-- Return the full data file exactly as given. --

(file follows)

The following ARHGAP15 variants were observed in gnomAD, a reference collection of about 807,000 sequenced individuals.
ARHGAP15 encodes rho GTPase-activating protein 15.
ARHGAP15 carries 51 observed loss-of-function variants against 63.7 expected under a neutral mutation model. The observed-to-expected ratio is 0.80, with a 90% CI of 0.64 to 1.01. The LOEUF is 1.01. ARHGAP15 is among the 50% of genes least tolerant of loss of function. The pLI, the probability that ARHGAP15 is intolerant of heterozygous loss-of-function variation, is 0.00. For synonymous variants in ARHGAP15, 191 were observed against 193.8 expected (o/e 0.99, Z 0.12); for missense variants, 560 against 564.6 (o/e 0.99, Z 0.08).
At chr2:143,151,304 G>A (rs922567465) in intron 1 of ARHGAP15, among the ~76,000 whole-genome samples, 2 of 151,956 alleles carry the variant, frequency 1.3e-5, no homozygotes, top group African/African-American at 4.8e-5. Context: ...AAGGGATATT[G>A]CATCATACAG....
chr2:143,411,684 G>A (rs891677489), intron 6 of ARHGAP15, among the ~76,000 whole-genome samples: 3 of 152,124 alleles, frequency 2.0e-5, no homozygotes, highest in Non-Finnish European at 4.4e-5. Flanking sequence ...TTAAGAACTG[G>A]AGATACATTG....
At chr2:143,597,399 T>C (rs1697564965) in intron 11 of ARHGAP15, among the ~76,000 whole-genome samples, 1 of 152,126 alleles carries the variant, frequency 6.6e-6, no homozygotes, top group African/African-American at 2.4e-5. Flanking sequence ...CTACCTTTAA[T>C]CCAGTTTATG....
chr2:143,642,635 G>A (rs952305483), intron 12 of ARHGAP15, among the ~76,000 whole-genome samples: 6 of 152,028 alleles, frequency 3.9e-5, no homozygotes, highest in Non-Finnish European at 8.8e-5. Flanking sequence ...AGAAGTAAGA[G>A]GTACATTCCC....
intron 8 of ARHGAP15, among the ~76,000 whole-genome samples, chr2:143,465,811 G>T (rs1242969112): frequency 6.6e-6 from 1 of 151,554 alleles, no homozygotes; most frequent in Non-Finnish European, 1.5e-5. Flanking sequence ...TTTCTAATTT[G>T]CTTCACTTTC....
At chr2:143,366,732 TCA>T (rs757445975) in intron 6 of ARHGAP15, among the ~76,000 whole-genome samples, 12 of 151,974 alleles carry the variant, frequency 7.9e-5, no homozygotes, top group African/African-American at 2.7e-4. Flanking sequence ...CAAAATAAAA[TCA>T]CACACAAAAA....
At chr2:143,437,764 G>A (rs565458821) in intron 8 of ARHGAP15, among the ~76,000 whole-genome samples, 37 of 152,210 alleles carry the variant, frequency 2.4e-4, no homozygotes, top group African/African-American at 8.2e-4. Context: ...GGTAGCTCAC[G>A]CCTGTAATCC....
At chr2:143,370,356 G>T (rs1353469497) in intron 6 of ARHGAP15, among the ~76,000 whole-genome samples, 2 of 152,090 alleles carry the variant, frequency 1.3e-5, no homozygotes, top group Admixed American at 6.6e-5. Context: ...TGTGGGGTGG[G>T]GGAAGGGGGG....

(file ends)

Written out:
The following ARHGAP15 variants were observed in gnomAD, a reference collection of about 807,000 sequenced individuals.
ARHGAP15 encodes rho GTPase-activating protein 15.
ARHGAP15 carries 51 observed loss-of-function variants against 63.7 expected under a neutral mutation model. The observed-to-expected ratio is 0.80, with a 90% CI of 0.64 to 1.01. The LOEUF is 1.01. ARHGAP15 is among the 50% of genes least tolerant of loss of function. The pLI, the probability that ARHGAP15 is intolerant of heterozygous loss-of-function variation, is 0.00. For synonymous variants in ARHGAP15, 191 were observed against 193.8 expected (o/e 0.99, Z 0.12); for missense variants, 560 against 564.6 (o/e 0.99, Z 0.08).
At chr2:143,151,304 G>A (rs922567465) in intron 1 of ARHGAP15, among the ~76,000 whole-genome samples, 2 of 151,956 alleles carry the variant, frequency 1.3e-5, no homozygotes, top group African/African-American at 4.8e-5. Context: ...AAGGGATATT[G>A]CATCATACAG....
chr2:143,411,684 G>A (rs891677489), intron 6 of ARHGAP15, among the ~76,000 whole-genome samples: 3 of 152,124 alleles, frequency 2.0e-5, no homozygotes, highest in Non-Finnish European at 4.4e-5. Flanking sequence ...TTAAGAACTG[G>A]AGATACATTG....
At chr2:143,597,399 T>C (rs1697564965) in intron 11 of ARHGAP15, among the ~76,000 whole-genome samples, 1 of 152,126 alleles carries the variant, frequency 6.6e-6, no homozygotes, top group African/African-American at 2.4e-5. Flanking sequence ...CTACCTTTAA[T>C]CCAGTTTATG....
chr2:143,642,635 G>A (rs952305483), intron 12 of ARHGAP15, among the ~76,000 whole-genome samples: 6 of 152,028 alleles, frequency 3.9e-5, no homozygotes, highest in Non-Finnish European at 8.8e-5. Flanking sequence ...AGAAGTAAGA[G>A]GTACATTCCC....
intron 8 of ARHGAP15, among the ~76,000 whole-genome samples, chr2:143,465,811 G>T (rs1242969112): frequency 6.6e-6 from 1 of 151,554 alleles, no homozygotes; most frequent in Non-Finnish European, 1.5e-5. Flanking sequence ...TTTCTAATTT[G>T]CTTCACTTTC....
At chr2:143,366,732 TCA>T (rs757445975) in intron 6 of ARHGAP15, among the ~76,000 whole-genome samples, 12 of 151,974 alleles carry the variant, frequency 7.9e-5, no homozygotes, top group African/African-American at 2.7e-4. Flanking sequence ...CAAAATAAAA[TCA>T]CACACAAAAA....
At chr2:143,437,764 G>A (rs565458821) in intron 8 of ARHGAP15, among the ~76,000 whole-genome samples, 37 of 152,210 alleles carry the variant, frequency 2.4e-4, no homozygotes, top group African/African-American at 8.2e-4. Context: ...GGTAGCTCAC[G>A]CCTGTAATCC....
At chr2:143,370,356 G>T (rs1353469497) in intron 6 of ARHGAP15, among the ~76,000 whole-genome samples, 2 of 152,090 alleles carry the variant, frequency 1.3e-5, no homozygotes, top group Admixed American at 6.6e-5. Context: ...TGTGGGGTGG[G>T]GGAAGGGGGG....